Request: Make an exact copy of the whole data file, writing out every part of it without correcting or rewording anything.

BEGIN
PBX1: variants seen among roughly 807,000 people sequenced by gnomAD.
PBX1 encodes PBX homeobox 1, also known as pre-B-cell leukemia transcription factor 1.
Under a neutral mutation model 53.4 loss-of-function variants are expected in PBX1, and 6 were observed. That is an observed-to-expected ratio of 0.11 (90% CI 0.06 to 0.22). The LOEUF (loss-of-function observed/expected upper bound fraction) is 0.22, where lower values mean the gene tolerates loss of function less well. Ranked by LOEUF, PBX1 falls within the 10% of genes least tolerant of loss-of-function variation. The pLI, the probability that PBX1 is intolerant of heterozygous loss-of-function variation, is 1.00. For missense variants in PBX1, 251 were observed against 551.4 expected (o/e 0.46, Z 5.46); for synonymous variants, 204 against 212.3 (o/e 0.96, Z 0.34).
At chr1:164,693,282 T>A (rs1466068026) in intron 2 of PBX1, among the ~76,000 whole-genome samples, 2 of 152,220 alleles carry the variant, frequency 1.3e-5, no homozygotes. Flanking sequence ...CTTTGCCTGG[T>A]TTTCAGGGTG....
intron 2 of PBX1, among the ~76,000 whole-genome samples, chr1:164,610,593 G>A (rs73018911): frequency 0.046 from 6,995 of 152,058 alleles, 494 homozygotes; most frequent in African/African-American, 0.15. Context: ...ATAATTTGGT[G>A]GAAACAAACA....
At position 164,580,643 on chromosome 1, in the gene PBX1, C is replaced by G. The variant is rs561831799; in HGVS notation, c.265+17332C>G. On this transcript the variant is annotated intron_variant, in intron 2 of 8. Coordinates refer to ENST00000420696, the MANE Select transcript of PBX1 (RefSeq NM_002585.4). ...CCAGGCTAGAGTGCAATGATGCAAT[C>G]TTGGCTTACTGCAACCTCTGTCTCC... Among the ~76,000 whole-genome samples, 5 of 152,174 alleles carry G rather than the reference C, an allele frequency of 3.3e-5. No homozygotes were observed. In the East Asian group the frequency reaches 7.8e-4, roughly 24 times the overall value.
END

PBX1: variants seen among roughly 807,000 people sequenced by gnomAD.
PBX1 encodes PBX homeobox 1, also known as pre-B-cell leukemia transcription factor 1.
Under a neutral mutation model 53.4 loss-of-function variants are expected in PBX1, and 6 were observed. That is an observed-to-expected ratio of 0.11 (90% CI 0.06 to 0.22). The LOEUF (loss-of-function observed/expected upper bound fraction) is 0.22, where lower values mean the gene tolerates loss of function less well. Ranked by LOEUF, PBX1 falls within the 10% of genes least tolerant of loss-of-function variation. The pLI, the probability that PBX1 is intolerant of heterozygous loss-of-function variation, is 1.00. For missense variants in PBX1, 251 were observed against 551.4 expected (o/e 0.46, Z 5.46); for synonymous variants, 204 against 212.3 (o/e 0.96, Z 0.34).
At chr1:164,693,282 T>A (rs1466068026) in intron 2 of PBX1, among the ~76,000 whole-genome samples, 2 of 152,220 alleles carry the variant, frequency 1.3e-5, no homozygotes. Flanking sequence ...CTTTGCCTGG[T>A]TTTCAGGGTG....
intron 2 of PBX1, among the ~76,000 whole-genome samples, chr1:164,610,593 G>A (rs73018911): frequency 0.046 from 6,995 of 152,058 alleles, 494 homozygotes; most frequent in African/African-American, 0.15. Context: ...ATAATTTGGT[G>A]GAAACAAACA....
At position 164,580,643 on chromosome 1, in the gene PBX1, C is replaced by G. The variant is rs561831799; in HGVS notation, c.265+17332C>G. On this transcript the variant is annotated intron_variant, in intron 2 of 8. Coordinates refer to ENST00000420696, the MANE Select transcript of PBX1 (RefSeq NM_002585.4). ...CCAGGCTAGAGTGCAATGATGCAAT[C>G]TTGGCTTACTGCAACCTCTGTCTCC... Among the ~76,000 whole-genome samples, 5 of 152,174 alleles carry G rather than the reference C, an allele frequency of 3.3e-5. No homozygotes were observed. In the East Asian group the frequency reaches 7.8e-4, roughly 24 times the overall value.